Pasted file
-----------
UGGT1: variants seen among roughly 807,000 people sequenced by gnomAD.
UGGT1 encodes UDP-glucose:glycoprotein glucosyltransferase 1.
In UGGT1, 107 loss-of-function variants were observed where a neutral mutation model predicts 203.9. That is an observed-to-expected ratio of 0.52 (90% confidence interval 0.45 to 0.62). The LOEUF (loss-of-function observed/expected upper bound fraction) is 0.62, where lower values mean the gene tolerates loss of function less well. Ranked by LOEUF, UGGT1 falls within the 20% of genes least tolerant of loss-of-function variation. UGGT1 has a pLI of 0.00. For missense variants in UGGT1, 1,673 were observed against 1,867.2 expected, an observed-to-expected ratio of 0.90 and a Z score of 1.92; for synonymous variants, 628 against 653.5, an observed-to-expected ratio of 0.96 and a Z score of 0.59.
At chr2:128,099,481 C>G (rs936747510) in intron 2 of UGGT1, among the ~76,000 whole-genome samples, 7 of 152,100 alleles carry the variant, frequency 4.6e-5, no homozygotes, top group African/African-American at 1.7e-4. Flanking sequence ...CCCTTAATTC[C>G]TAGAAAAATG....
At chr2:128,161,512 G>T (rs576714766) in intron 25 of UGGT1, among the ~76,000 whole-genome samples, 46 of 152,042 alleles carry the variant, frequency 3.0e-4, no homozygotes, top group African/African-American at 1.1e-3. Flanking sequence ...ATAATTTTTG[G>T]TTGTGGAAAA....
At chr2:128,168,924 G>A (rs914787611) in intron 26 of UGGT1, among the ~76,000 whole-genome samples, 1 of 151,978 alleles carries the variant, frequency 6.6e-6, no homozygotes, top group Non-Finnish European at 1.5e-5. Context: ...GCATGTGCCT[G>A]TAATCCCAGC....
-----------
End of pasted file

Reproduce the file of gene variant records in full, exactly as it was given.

UGGT1: variants seen among roughly 807,000 people sequenced by gnomAD.
UGGT1 encodes UDP-glucose:glycoprotein glucosyltransferase 1.
In UGGT1, 107 loss-of-function variants were observed where a neutral mutation model predicts 203.9. That is an observed-to-expected ratio of 0.52 (90% confidence interval 0.45 to 0.62). The LOEUF (loss-of-function observed/expected upper bound fraction) is 0.62, where lower values mean the gene tolerates loss of function less well. Ranked by LOEUF, UGGT1 falls within the 20% of genes least tolerant of loss-of-function variation. UGGT1 has a pLI of 0.00. For missense variants in UGGT1, 1,673 were observed against 1,867.2 expected, an observed-to-expected ratio of 0.90 and a Z score of 1.92; for synonymous variants, 628 against 653.5, an observed-to-expected ratio of 0.96 and a Z score of 0.59.
At chr2:128,099,481 C>G (rs936747510) in intron 2 of UGGT1, among the ~76,000 whole-genome samples, 7 of 152,100 alleles carry the variant, frequency 4.6e-5, no homozygotes, top group African/African-American at 1.7e-4. Flanking sequence ...CCCTTAATTC[C>G]TAGAAAAATG....
At chr2:128,161,512 G>T (rs576714766) in intron 25 of UGGT1, among the ~76,000 whole-genome samples, 46 of 152,042 alleles carry the variant, frequency 3.0e-4, no homozygotes, top group African/African-American at 1.1e-3. Flanking sequence ...ATAATTTTTG[G>T]TTGTGGAAAA....
At chr2:128,168,924 G>A (rs914787611) in intron 26 of UGGT1, among the ~76,000 whole-genome samples, 1 of 151,978 alleles carries the variant, frequency 6.6e-6, no homozygotes, top group Non-Finnish European at 1.5e-5. Context: ...GCATGTGCCT[G>A]TAATCCCAGC....